In a postnasal drip, steroid nasal sprays, decongestants, and antihistamines help thin and remove mucus. These medications also help reduce inflammation in the nasal passages.
- Postnasal Drip from Colds - Antihistamines such as chlorpheniramine (Chlor-Trimeton) or clemastine (Tavist, Dayhist) can be given. Nasal congestion can be improved by decongestants such as pseudoephedrine. A runny nose can be relieved by nasal sprays such as ipratropium bromide (Atrovent), which is available without a prescription.
- Postnasal Drip from Allergies - Nasal glucocorticoids can be used to help reduce nasal inflammation. Oral antihistamines such as fexofenadine (Allegra), cetirizine (Zyrtec), or loratadine (Claritin) are usually prescribed. Postnasal drip can also be relieved by nasal antihistamine sprays such as azelastine (Astelin).
Management of Symptoms
Cough reflex can be relaxed by taking over-the-counter medications such as dextromethorphan. If over-the-counter medications do not work, doctors may prescribe stronger medications such as benzonatate. Some cough medications that contain narcotic codeine or hydrocodone can cause drowsiness and may be habit-forming. To treat a chronic cough, both are helpful but may have some side effects such as confusion, dizziness, difficulty concentrating, nausea, and fatigue.
Natural Remedies for a Persistent Cough
- Honey - Coughs due to a bacterial infection can be relieved by honey since it has antibacterial properties. Honey is considered as a demulcent. Irritated mucous membranes can be coated and soothed with honey due to its high viscosity and stickiness.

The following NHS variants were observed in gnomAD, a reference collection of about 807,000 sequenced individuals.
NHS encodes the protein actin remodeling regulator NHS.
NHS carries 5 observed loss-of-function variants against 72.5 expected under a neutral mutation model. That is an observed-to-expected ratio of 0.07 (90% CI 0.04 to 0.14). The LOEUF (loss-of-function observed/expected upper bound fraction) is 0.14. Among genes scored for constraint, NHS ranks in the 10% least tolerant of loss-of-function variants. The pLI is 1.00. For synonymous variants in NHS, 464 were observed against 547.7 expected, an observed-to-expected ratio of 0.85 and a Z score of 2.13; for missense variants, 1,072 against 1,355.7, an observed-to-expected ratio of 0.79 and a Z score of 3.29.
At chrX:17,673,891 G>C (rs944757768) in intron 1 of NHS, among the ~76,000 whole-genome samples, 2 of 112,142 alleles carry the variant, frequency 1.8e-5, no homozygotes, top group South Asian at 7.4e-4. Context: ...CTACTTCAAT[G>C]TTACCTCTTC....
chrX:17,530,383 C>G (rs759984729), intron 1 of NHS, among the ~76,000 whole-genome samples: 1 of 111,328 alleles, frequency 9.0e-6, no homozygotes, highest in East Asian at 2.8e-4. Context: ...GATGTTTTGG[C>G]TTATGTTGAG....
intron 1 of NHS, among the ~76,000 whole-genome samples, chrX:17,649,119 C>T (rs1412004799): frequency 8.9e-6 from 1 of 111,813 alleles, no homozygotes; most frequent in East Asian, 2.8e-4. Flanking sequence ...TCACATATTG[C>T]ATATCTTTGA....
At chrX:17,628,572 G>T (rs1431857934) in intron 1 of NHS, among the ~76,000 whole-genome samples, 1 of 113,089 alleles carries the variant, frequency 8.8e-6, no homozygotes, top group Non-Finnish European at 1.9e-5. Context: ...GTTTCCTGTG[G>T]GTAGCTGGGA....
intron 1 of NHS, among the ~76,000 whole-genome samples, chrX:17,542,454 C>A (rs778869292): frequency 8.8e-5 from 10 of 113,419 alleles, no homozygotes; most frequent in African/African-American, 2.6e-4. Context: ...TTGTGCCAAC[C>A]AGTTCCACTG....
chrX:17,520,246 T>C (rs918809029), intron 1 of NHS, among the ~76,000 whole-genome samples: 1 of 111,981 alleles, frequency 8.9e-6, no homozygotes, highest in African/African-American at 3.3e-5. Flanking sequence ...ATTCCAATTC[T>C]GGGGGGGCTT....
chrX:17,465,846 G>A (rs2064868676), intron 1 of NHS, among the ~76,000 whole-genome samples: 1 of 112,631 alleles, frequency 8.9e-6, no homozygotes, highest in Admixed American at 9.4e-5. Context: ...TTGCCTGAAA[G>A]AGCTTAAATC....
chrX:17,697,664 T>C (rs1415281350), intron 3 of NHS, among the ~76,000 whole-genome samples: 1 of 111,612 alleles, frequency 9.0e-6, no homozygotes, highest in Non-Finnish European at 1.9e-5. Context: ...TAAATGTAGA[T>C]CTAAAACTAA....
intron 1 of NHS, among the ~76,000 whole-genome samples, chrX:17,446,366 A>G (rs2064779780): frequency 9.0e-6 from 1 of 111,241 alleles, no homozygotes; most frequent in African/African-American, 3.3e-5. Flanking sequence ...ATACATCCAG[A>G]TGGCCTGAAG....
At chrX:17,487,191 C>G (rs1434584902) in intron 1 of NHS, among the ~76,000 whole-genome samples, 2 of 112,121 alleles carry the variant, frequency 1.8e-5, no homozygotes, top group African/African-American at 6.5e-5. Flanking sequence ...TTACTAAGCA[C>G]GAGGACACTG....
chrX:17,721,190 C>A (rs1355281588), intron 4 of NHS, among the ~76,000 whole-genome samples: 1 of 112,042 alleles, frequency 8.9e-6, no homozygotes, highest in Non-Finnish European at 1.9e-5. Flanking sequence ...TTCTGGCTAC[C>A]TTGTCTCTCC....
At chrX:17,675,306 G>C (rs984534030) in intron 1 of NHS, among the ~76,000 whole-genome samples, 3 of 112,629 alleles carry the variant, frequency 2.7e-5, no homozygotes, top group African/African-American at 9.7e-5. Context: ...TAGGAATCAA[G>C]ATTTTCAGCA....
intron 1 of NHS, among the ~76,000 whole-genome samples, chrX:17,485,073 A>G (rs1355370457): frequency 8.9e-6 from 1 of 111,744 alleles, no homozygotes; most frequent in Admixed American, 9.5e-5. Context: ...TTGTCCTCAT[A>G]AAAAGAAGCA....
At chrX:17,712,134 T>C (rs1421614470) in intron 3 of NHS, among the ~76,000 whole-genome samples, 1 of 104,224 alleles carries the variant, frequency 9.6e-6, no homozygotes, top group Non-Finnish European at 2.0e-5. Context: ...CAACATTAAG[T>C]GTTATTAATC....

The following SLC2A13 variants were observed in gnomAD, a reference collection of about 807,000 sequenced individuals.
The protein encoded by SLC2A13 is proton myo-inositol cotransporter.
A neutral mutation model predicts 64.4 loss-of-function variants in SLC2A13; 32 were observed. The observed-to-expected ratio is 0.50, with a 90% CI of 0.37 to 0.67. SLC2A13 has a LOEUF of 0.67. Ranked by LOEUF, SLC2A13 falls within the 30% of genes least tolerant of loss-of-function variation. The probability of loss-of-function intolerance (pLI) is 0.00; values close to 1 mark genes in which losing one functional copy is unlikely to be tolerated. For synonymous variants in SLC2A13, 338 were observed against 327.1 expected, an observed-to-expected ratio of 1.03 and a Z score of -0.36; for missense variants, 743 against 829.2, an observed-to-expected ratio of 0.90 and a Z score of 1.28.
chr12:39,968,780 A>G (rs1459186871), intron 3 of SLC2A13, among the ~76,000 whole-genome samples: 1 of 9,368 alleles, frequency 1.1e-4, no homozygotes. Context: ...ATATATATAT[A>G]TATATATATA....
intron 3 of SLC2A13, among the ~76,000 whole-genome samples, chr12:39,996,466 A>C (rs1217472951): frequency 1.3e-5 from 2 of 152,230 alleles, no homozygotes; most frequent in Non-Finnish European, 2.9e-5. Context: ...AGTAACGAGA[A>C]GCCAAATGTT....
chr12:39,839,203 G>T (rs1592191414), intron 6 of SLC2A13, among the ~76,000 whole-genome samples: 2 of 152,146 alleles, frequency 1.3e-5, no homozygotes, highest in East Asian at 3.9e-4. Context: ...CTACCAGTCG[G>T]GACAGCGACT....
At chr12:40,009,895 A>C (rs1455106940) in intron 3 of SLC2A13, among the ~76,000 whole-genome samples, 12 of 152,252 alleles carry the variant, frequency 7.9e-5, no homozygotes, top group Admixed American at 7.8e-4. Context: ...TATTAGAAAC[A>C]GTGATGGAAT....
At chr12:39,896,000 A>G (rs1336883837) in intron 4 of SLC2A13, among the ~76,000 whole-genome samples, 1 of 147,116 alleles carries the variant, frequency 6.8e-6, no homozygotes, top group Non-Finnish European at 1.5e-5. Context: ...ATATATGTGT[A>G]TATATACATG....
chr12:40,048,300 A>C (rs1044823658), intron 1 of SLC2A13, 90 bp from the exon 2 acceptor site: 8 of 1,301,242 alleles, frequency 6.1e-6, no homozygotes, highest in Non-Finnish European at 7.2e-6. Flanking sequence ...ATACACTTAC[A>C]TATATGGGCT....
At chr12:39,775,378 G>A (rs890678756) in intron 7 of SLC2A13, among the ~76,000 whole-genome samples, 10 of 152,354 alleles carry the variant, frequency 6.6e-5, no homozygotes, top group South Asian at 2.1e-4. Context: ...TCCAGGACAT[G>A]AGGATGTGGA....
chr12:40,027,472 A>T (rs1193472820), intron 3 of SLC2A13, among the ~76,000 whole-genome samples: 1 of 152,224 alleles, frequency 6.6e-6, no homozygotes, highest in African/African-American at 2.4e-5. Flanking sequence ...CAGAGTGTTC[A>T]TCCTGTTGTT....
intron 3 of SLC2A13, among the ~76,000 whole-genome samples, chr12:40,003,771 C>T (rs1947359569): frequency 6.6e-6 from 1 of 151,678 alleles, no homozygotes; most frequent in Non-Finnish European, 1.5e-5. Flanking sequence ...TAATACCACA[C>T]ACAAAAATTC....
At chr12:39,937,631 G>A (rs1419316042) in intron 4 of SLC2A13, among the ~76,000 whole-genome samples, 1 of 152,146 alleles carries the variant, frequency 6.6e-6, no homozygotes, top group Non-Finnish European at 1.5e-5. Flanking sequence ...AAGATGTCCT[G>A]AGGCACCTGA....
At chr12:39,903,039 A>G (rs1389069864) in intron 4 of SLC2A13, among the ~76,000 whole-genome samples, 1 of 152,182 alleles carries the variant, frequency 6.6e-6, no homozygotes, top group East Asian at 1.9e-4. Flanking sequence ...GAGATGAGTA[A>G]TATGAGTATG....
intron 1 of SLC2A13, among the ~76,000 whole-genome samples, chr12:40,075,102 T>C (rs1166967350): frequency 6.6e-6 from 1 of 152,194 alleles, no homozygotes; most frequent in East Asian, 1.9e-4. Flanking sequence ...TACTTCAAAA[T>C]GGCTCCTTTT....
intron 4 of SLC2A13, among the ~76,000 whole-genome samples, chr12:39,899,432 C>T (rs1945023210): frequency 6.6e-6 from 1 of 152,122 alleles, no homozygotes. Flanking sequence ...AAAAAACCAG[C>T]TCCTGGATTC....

- Licorice Root Tea - It eases congestion and soothes the airways by thinning the mucus. It is a demulcent and a natural expectorant.
- Tea Thyme - It relaxes the bronchi and trachea. It also has antimicrobial properties, which help reduce coughing and promote comfort by opening up the airways.
- Ginger Peppermint Syrup - It is a natural expectorant that helps loosen the mucus from the lungs. An irritating tickly cough can be relieved by this syrup.
- Pepper and Honey - A great remedy for a cough with a lot of mucus or chest congestion.
The outlook depends on the cause and treatment of a persistent cough. A simple cough usually goes away with immediate treatment. Treat and manage a cough once you know what's causing it. Manage your cough with the following tips:
- Drink an adequate amount of water. Water can help loosen and thin the mucus. Warm liquids soothe the throat such as tea and broth.
- Avoid spicy foods, chocolate, caffeine, and citrus fruits if you have acid reflux.
- Suck a cough lozenge.
- Take a hot shower. To add moisture in the air, turn on the humidifier.
- Breathe in steam.
- Avoid smoking.
- Perform nasal irrigation or use a saline nose spray to loosen up the mucus.
- A cough is considered chronic or persistent if it does not go away after four weeks in children and eight weeks in adults.
- Most persistent coughs are due to colds, flu, infection, or other underlying medical conditions.
- Cough treatment is usually prescribed according to what causes a person's cough.